In the second period, we transitioned into Grammar and Writing, focusing on the comma splice. After I explained to the class what a comma splice was – with examples for how to fix the error – I had the class work in groups on two focused activities. We went over the answers together, and I helped anyone who was struggling with the mechanics – I included the slides in the LLL stream to study. In the third period, I reviewed what a UVP is from our Foundr Business lessons. Then, we looked at Uber’s UVP. I asked the class to write a UVP for their product. They did a great job working on it in the allotted time.
Wednesday: We discussed Gretta van Riel’s quote: “When thinking about manufacturing, my biggest piece of advice would be to start local, then go global.” The class agreed that it would be wise to start local before going global. Paul made a good point, stating it also depends on what you're shipping. Tom added that if you are a successful entrepreneur already, you could potentially skip going local first, depending on the product, of course. After our initial discussion, we watched a short Foundr Video, “Introduction to Start and Scale Manufacturing”. I asked the class to take notes during the video, listening specifically for what ‘you don’t want to do’. Jake did an excellent job notetaking and was able to restate the ‘don’ts’ from the video. From there, the class worked in groups exploring local manufacturers for their own products. After break, the class shared their findings before we read the article, “New Product Development Process in 8 Easy Steps”. Many good discussions rose during the reading regarding the importance of some of these steps. Once we finished reading the article, I put the class in groups to work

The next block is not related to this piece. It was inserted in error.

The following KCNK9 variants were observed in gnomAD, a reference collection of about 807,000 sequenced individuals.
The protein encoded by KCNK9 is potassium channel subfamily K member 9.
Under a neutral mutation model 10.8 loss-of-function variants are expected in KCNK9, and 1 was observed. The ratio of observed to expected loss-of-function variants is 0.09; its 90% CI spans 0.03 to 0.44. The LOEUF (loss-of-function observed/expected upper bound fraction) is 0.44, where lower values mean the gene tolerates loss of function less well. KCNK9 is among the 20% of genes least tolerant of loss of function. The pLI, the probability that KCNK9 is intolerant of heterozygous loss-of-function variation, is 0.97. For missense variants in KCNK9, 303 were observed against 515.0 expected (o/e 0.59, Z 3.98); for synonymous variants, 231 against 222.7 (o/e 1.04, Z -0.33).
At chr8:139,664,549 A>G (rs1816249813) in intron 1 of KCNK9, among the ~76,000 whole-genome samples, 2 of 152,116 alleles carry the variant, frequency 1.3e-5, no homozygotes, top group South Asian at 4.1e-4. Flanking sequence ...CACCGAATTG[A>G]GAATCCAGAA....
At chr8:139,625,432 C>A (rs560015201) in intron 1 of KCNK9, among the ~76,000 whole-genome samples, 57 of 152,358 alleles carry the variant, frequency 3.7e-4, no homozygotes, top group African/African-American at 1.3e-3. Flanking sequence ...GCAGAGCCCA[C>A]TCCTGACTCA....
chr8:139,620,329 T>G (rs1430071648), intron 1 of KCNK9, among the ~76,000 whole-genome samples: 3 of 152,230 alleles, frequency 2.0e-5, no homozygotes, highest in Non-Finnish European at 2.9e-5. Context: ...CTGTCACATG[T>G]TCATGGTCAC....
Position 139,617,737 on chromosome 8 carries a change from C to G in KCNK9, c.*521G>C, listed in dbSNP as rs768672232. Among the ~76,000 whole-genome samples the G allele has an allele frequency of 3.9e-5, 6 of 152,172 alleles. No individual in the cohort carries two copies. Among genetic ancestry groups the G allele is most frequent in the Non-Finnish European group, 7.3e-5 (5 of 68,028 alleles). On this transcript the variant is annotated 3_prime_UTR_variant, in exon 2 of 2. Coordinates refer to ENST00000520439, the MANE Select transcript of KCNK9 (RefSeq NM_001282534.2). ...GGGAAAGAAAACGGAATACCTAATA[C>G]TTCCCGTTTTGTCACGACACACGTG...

with one another to validate their own business idea by reflecting on the specific questions outlined in the lesson plan. In the final period, we read half of “The Most Dangerous Game” by Richard Connell. We will finish the story to begin tomorrow’s class.
Thursday: We spent the first period reading “The Most Dangerous Game”. The class really enjoyed the short story. After the break, we transitioned into critical thinking and discussed where they would like to live when they grow up. I asked if they would prefer to live in a small town or city. Mostly everyone said small-town. Samantha said she would like to stay on the island and be close to family – being close to family seemed important to other students, as well. Other factors they would consider when choosing a place to live would be politics and the cost of living. We watched a YouTube video: 10 Best Cities to Live in Canada. The class enjoyed the list and were shocked at the cost of living in most cities. In the third period, they worked in groups and explored Canada to find the perfect city for them to live in their twenties. We decided, as a class, that they would earn a salary of $35 – 40 thousand per year. With that money, they had to find an apartment in the city they chose and budget for transportation, bills, food etc. It was a real eye-opener! Overall, it was a great activity!
Every week our teacher sends out a summary of what the students learned that week. Check out a real summary from our 2023/2024 school year below. (Student's names changed for privacy purposes.)